Those who have been paying attention have noticed the “bad breaks.” There’s no official stat on bad bounces, but unofficially I’ve seen 10 or so interceptions where the ball was tipped or deflected and caught by an opponent. Whether off of the walls, linesman’s hands, Blaze receiver’s hands, or the face of an official, these tipped balls and bad breaks attribute the Grady’s interception rate and over time those bad bounces add up and lead to mental issues.
 
Grady’s completion rating is the lowest of his career, a whole 3.5% lower then his rookie season. The incompletions aren’t just timing issues and receivers letting the ball drop (although there has been some of that), in the last three games (especially the home game against Iowa) Grady has just been off, under throwing and overthrowing receivers, throwing to covered receivers while others run wide open. 
 
“I think he's a lot more hesitant then he has been, because now he's thinking about where he needs to go with the ball as opposed to just reacting to it,” said Head Coach Ron James about Grady’s incompletion rate. “That comes with the confidence and timing. When it hasn't been there by this part of the season, then you're second guessing things that used to be rote memory. We have to keep plugging away at it, luckily our defense has been playing stronger in the last couple weeks to be giving us extra opportunities, but we can't always rely on that in arena football. We have got to solve that issue.”
 
But how do you solve that issue? Can you teach confidence? Can you teach timing? You can’t bench Grady, can you? Jason Boltus is a fine backup QB (and a very decent mack linebacker as he’s proved over the last two weeks), but is he really the answer? Who else is out there? Can Grady just “get over it” and start playing the way that Blaze coaches and fans know he can?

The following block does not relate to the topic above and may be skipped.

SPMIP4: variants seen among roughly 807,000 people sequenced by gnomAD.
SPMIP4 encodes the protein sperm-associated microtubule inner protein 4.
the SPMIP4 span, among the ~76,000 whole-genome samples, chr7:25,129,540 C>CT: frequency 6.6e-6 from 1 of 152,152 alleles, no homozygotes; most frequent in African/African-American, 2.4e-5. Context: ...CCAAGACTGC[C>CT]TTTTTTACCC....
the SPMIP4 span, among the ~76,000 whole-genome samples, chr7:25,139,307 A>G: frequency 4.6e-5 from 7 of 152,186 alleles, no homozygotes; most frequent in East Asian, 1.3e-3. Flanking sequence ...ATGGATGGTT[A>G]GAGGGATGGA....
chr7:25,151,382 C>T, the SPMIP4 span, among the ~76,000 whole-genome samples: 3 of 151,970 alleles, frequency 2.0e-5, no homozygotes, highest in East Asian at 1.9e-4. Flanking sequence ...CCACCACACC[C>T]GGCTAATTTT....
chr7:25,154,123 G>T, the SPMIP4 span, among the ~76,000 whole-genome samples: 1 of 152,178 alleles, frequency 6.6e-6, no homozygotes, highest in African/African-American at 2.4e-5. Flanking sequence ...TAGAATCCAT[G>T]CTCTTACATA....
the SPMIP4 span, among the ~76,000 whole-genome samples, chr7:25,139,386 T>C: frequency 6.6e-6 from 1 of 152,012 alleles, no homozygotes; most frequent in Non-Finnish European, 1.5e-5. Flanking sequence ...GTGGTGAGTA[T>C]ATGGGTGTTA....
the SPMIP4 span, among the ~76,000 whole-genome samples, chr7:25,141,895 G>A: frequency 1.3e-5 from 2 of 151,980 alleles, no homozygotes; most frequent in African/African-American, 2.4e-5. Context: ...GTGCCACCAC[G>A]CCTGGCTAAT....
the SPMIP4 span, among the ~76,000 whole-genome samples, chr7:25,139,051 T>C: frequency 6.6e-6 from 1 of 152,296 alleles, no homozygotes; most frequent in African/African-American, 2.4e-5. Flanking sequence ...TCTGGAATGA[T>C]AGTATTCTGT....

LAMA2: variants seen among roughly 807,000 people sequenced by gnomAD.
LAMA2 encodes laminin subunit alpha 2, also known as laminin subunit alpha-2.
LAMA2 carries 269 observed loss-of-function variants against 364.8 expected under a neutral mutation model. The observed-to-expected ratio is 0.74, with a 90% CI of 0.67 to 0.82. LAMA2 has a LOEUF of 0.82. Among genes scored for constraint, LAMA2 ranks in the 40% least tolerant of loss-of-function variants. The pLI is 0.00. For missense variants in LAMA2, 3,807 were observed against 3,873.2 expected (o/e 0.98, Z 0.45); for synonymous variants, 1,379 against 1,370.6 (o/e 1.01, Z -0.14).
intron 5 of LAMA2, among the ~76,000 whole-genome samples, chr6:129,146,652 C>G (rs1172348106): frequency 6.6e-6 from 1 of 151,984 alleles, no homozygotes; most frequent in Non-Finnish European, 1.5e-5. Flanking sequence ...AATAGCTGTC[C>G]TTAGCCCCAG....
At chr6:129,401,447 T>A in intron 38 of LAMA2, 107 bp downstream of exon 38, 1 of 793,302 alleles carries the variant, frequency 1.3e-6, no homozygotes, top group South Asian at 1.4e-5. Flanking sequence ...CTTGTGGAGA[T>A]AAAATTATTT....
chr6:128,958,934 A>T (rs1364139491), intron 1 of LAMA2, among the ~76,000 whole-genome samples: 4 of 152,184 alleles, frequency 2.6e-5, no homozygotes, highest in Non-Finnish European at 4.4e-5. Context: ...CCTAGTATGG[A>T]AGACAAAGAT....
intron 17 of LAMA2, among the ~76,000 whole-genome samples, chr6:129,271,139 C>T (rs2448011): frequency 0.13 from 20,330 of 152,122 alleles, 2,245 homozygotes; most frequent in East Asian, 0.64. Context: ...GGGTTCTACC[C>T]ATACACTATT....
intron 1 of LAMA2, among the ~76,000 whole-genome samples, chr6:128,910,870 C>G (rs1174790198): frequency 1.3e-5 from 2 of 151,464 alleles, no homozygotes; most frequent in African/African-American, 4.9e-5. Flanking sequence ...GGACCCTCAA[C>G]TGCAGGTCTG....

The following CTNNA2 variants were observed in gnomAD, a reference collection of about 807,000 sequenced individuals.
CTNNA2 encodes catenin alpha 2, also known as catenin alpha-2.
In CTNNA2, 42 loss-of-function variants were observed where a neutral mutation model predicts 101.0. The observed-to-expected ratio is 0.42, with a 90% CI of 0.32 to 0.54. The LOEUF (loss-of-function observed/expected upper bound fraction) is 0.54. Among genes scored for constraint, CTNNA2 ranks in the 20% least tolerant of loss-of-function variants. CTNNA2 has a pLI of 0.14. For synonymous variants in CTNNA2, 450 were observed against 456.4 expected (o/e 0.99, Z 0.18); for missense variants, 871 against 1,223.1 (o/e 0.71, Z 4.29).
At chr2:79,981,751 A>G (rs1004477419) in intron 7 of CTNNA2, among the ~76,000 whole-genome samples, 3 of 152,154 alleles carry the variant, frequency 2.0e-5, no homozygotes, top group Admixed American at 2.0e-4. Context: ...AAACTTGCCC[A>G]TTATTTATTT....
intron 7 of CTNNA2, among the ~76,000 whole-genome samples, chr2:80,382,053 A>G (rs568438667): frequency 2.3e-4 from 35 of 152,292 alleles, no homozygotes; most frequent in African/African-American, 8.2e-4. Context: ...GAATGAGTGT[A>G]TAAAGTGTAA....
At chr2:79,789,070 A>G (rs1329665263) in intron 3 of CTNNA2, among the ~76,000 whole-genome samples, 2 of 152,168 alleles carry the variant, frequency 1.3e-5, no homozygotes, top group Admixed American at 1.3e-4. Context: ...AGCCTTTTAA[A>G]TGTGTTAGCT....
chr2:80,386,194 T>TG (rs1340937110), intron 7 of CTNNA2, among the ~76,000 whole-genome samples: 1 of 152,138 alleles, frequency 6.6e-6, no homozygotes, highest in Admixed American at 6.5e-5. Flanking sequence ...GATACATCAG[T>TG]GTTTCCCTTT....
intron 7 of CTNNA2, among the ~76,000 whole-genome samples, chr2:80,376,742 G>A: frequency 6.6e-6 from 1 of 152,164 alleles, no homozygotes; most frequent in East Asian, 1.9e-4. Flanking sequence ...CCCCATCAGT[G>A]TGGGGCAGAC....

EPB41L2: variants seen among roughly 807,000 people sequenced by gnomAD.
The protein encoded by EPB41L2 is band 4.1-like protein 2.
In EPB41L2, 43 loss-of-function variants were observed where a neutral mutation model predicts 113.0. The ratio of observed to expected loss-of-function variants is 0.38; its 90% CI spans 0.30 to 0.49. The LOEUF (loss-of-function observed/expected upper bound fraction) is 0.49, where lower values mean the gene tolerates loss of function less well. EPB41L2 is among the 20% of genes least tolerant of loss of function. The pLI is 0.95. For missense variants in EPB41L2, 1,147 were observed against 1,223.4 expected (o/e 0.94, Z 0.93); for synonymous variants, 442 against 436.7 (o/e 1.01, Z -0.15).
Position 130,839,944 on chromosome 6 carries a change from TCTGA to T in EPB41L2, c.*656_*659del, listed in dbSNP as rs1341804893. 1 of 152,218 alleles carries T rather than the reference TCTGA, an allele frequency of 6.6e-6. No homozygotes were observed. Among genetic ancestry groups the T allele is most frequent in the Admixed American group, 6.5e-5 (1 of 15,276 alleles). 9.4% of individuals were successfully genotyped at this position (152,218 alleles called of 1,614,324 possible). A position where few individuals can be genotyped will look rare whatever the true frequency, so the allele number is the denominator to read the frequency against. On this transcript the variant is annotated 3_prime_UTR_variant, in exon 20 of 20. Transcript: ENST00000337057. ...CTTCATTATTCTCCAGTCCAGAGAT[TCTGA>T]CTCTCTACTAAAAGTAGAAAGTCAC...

What if this continues? How do you get the defense to continue to produce when they know the offense is just going to give up the ball? During the final minute of the San Jose game, the Blaze defense was able to get a stop on downs and give the offense the ball on the San Jose 24 with 32 seconds left on the clock down by 1. The Blaze offense proceeded to go out and throw 4 incompletions and lose the game. No points, no first downs, no yards. The Blaze offense just went out and lost. How do the Coaches hold a team together after that? When one side of the team is on fire and the other is crashing in flames, how do you get a united Blaze?
 
These are the questions that face Utah as they start the 2nd half of the season. Two games out of the playoffs in a tough western division, the Blaze are on the bottom looking up, and they are running out of time to answer these questions. But if they can solve the Tommy Grady conundrum, and if luck can start being on their side, the Blaze still have the talent to be a postseason contender, and a championship contender.


 
Don Eisenbarth has been following the Utah Blaze since 2006, but this is his first year covering for ArenaFan. Born in Provo to a family of BYU fans and having graduated from the University of Utah, Don has enjoyed all sides of the Utah college football landscape for decades and is excited for the return of professional football to the Beehive State. You can follow him on twitter at http://twitter.com/bigdondoo
The opinions expressed in the article above are only those of the writer, and do not necessarily reflect the thoughts, opinions, or official stance of ArenaFan Online or its staff, or the Arena Football League, or any AFL or af2 teams.